London’s lost masterpieces: The palaces and Georgian gems torn down in 30 years of 20th century madness

London would look very different had it not been for the widespread demolition of Georgian architecture in the 20th century. John Martin Robinson takes a look back at what was lost and what was fortunately saved.

In 1934, the Scandinavian architect Steen Eiler Rasmussen (1898–1990) published his classic, London: The Unique City, a deeply researched and subtle appreciation of London’s Georgian planning, layout and architecture, much of which was sadly to be lost or spoilt in subsequent decades.

Many of the buildings he described and illustrated have been destroyed, but his book is still in print and widely regarded as a classic of urban history. It is the best social and architectural analysis of London’s modern reincarnation and the development of its distinctive urban forms: low-rise, spreading, green with numerous garden squares, well planned according to building regulations introduced after the Great Fire of 1666 and codified in a series of three 18th-century building acts. They defined the width of streets and the height of buildings, prescribed building materials and enforced construction and fire-prevention standards. But they left the detailed design to individual builder-developers, architects and surveyors working for ground landlords such as the ‘Woods and Forests’ (Crown Estates), the Grosvenors, Bedfords, Portlands (now Howard de Waldens), Portmans, Sloanes (later Cadogans), through City livery companies and charities, down to small speculators, including the builder-architect Edward Shepherd in Mayfair, who developed the market behind Piccadilly that still bears his name.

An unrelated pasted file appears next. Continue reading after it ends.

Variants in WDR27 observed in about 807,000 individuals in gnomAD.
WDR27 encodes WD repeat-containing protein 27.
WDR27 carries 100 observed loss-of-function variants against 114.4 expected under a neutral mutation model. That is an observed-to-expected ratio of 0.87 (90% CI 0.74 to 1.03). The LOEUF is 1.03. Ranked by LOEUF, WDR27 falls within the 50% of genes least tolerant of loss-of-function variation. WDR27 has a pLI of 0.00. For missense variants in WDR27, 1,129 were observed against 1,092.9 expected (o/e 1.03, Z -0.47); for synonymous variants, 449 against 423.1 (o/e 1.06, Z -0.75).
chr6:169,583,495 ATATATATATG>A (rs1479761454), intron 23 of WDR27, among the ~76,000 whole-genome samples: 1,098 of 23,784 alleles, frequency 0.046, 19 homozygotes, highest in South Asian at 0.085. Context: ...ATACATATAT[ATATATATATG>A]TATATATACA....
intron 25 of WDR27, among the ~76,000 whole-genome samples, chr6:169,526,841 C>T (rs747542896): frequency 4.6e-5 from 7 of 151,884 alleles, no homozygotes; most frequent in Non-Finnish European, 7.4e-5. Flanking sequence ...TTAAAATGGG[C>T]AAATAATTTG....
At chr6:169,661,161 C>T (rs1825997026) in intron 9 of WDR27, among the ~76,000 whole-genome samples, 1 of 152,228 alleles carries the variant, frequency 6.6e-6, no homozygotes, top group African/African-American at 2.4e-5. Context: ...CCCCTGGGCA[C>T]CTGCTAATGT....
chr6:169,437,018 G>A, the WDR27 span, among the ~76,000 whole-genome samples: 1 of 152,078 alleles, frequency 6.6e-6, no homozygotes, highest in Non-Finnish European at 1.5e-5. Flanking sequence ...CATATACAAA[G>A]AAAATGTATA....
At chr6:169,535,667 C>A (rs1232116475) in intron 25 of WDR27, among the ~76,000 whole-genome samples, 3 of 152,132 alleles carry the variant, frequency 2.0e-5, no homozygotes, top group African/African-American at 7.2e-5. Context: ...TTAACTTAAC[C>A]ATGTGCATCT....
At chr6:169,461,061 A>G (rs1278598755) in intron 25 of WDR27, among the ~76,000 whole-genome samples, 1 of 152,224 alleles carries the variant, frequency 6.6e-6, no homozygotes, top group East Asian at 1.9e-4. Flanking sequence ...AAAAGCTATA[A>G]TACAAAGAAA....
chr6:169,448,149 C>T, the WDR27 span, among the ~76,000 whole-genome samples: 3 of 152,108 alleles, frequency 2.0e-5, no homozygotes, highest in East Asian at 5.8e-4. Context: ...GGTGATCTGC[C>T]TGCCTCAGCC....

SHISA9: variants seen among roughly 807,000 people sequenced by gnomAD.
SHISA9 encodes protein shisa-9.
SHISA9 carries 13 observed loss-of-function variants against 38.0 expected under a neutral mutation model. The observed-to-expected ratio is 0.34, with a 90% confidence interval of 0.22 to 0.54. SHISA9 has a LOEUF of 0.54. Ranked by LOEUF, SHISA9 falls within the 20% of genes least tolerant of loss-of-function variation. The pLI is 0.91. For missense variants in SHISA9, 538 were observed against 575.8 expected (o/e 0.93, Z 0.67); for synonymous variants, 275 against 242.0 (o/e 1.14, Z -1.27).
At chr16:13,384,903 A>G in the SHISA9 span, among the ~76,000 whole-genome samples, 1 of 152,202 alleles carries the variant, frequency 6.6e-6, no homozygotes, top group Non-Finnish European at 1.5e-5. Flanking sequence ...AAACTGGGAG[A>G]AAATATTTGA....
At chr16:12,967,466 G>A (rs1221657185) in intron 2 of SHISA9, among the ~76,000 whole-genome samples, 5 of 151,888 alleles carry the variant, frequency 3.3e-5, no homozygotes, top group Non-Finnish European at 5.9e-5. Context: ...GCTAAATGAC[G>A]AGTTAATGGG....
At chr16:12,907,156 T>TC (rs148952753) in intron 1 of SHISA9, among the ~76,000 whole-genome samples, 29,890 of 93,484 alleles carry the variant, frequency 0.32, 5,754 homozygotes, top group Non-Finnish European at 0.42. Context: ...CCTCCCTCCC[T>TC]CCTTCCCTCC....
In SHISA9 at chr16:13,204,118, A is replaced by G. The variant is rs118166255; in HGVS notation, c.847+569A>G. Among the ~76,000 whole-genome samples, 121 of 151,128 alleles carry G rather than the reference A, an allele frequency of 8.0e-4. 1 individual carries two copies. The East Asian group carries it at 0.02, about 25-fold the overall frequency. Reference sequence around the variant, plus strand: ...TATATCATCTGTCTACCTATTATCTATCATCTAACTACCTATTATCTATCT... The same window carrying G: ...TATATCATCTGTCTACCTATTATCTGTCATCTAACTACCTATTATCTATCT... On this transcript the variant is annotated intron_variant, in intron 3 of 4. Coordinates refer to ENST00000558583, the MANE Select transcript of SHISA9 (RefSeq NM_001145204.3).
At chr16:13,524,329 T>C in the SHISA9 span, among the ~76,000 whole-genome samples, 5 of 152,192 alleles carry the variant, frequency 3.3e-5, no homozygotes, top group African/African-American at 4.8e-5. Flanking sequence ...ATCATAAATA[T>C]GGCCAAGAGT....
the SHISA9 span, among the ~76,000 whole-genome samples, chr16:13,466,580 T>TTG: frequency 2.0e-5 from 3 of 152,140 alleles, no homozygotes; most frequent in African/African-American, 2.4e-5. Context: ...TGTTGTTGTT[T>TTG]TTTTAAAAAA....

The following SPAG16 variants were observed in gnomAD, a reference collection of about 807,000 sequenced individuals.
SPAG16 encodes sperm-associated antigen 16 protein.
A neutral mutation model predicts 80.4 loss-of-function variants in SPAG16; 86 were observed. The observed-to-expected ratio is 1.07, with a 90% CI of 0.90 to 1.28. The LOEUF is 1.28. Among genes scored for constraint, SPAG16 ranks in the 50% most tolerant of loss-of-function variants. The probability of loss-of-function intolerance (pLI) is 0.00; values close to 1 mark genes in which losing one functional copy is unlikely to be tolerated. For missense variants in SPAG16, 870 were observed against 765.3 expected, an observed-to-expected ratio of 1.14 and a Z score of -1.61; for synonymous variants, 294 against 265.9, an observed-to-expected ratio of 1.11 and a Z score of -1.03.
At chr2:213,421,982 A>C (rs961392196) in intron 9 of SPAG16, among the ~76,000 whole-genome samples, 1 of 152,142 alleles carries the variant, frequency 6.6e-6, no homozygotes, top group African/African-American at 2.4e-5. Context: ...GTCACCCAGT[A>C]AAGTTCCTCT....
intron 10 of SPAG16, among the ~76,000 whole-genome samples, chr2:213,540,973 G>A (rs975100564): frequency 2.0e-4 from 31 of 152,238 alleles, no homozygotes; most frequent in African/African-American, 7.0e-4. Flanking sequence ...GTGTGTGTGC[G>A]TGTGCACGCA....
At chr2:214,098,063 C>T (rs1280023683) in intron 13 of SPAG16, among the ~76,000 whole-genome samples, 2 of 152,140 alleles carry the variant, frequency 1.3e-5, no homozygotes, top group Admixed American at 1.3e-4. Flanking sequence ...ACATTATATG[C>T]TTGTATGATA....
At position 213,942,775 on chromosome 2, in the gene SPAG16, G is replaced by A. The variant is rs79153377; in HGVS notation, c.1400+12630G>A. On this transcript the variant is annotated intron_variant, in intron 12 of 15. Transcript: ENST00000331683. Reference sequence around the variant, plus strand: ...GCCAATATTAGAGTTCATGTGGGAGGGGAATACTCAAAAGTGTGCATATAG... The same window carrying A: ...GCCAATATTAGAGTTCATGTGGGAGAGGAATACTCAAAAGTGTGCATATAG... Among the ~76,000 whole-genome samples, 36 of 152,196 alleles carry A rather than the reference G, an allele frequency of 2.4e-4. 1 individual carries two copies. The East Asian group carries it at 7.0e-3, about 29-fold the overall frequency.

What might London’s skyline look like today?

The result was a sensibly planned, visually harmonious and well-proportioned layout with uniform Classical, but understated streets and squares (their proportions based on the Orders even when astylar), superb Baroque and Palladian churches (which carried on the architectural baton of 17th-century Rome in Protestant guise), as well as gardens with stately plane trees. Most of it was composed of terraced houses (in three grades, from gentry to artisans), but interspersed in the West End with about 40 aristocratic town palaces of great architectural distinction.

The most notable were Robert Adam’s Lansdowne House; Norfolk House with Rococo interiors by Giovanni Battista Borra, worthy of royal Turin; William Kent’s noble Devonshire House; Lord Chesterfield’s eponymous house with a colonnaded forecourt terminating an axis from Hyde Park; and Spencer House, with the earliest neo-Classical interiors in Europe. Only the latter survives.

Nor were distinguished public buildings lacking, from Kent’s Horse Guards, Gibbs’s St Bartholomew’s Hospital, Chambers’s Somerset House and Soane’s Bank of England to George IV’s Metropolitan Improvements and Smirke’s Grecian British Museum.

Sir John Soane’s Bank of England, including these columns and figures in Bullion Yard, is no more, torn down in the mid 20th century.